Within one (1) year after the sixth (6th) anniversary of the day on which an individual ceases to be an individual with significant control, the corporation must (subject to other legislation) dispose of any of that individual’s personal information, as defined in the Personal Information Protection and Electronic Documents Act, that is recorded in the register.
Disclosure of the ISC Register
Corporations are required, upon request by Corporations Canada, or by the shareholders or creditors of the corporation on application by affidavit, to disclose the ISC Register, provided the request is for the purposes of or in connection with:
- an effort to influence the voting of shareholders of the corporation;
- an offer to acquire securities of the corporation; or
- any other matter relating to the affairs of the corporation.
The public does not have access to the ISC Register.
Corporations are also required to disclose the ISC Register on request by an investigative body (such as police forces and the Canada Revenue Agency) when the investigative body has reasonable grounds to suspect that the information in the ISC Register would be relevant in investigating an offence committed by or involving the corporation or an individual with significant control. Investigative bodies are required to keep record of their requests and to report annually to Corporations Canada in respect of those request.
The following could be subject to penalties should they fail to meet the above noted requirements:
- a corporation that, without reasonable cause, contravenes the requirement to record, update and maintain the ISC Register or fails to meet the request of an investigative body is guilty of an offence and liable on summary conviction to a fine not exceeding five thousand dollars ($5,000.00);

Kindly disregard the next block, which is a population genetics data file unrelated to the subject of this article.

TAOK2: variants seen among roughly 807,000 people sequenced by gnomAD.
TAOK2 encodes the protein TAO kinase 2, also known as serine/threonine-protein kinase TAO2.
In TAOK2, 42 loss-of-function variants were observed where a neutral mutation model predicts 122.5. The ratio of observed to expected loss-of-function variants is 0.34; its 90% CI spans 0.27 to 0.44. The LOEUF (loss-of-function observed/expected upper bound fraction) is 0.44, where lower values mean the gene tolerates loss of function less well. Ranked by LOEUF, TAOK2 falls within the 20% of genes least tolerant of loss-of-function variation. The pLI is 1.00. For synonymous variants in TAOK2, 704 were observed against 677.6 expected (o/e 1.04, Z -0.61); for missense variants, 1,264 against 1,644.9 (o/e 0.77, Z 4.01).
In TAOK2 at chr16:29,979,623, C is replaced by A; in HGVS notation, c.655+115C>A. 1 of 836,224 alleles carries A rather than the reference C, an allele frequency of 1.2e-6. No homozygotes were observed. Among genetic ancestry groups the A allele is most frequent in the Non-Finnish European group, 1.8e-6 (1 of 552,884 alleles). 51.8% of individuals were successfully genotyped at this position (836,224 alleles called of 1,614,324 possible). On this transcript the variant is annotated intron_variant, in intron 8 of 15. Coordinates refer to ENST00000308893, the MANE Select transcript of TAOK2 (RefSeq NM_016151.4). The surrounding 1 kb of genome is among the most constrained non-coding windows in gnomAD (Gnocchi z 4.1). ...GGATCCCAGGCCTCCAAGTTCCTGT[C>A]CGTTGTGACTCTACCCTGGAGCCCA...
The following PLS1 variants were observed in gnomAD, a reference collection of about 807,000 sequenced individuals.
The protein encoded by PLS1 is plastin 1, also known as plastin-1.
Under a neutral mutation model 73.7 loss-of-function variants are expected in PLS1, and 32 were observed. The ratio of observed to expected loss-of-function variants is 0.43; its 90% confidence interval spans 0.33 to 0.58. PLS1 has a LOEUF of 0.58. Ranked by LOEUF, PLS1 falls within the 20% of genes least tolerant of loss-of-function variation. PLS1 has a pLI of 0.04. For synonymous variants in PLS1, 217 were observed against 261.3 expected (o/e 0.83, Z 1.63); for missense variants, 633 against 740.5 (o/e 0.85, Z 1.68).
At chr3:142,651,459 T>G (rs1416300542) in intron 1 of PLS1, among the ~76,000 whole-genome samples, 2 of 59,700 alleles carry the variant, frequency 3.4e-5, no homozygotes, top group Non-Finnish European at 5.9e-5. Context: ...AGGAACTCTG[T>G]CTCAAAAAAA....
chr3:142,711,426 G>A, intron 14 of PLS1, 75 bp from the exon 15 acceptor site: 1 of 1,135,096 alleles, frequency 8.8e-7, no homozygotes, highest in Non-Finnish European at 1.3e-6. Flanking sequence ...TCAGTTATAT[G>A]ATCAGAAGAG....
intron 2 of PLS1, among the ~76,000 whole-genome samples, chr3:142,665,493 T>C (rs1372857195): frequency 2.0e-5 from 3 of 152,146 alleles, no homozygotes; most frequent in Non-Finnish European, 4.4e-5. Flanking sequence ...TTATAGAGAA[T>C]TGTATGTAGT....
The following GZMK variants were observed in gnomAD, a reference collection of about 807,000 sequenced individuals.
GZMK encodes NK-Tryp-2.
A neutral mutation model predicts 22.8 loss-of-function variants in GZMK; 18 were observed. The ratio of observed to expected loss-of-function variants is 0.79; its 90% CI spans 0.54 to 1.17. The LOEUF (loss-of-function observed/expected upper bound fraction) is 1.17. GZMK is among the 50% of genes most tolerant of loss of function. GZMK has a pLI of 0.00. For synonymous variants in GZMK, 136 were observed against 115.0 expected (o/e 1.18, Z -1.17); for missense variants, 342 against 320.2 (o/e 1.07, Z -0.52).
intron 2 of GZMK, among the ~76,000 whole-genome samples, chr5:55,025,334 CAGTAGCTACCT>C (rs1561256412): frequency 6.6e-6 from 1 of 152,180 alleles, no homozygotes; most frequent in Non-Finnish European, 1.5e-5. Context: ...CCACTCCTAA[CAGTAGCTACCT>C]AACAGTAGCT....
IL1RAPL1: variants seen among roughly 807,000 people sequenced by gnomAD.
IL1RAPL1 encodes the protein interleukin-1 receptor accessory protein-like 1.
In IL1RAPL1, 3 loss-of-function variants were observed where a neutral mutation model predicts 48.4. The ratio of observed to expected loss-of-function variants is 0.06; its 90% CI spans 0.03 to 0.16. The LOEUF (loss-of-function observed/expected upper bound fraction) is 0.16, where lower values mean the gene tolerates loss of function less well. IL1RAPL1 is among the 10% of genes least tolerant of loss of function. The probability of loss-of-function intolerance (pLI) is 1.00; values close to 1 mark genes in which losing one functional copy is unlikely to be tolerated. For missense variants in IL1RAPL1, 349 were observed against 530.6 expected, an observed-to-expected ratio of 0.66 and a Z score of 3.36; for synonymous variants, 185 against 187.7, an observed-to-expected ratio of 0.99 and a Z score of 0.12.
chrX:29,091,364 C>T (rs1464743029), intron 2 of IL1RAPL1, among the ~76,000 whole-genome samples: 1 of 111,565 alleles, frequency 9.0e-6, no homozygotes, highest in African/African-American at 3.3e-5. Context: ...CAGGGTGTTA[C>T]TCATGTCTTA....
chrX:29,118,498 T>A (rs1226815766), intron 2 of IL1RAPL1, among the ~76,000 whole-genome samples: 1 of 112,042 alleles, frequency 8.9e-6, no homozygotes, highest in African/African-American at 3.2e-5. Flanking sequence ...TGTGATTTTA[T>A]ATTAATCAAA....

- a shareholder who knowingly fails to provide to the best of their knowledge, accurate and complete information requested by the corporation to complete the ISC Register is guilty of an offence and liable on summary conviction to a fine not exceeding two hundred thousand dollars ($200,000.00) and/or to imprisonment for a term not exceeding six (6) months;
- a director or officer of a corporation who knowingly authorizes, permits or acquiesces:
- in the contravention of the requirements dealing with the preparation and maintenance of the ISC Register by the corporation;
- in the recording of false or misleading information in the ISC Register of the corporation;
- in the provision to any person or entity of false or misleading information in relation to the ISC Register of the corporation,
commits an offence, whether or not the corporation has been prosecuted or convicted, and is liable on summary conviction to a fine not exceeding two hundred thousand dollars ($200,000.00) and/or to imprisonment for a term not exceeding six (6) months; and
- an individual who, without reasonable cause, contravenes the restricted use of the information in the ISC Register is guilty of an offence and liable on summary conviction to a fine not exceeding five thousand dollars ($5,000.00) and/or to imprisonment for a term not exceeding six (6) months.
This Blog is provided as an information service by Rasmussen Starr Ruddy LLP. It is distributed with the understanding that it does not constitute legal advice or establish a solicitor-client relationship by way of any information contained herein. The contents are intended for general information purposes only and under no circumstances can be relied upon for legal decision-making. Please consult with us and obtain a written opinion concerning the specifics of your particular situation.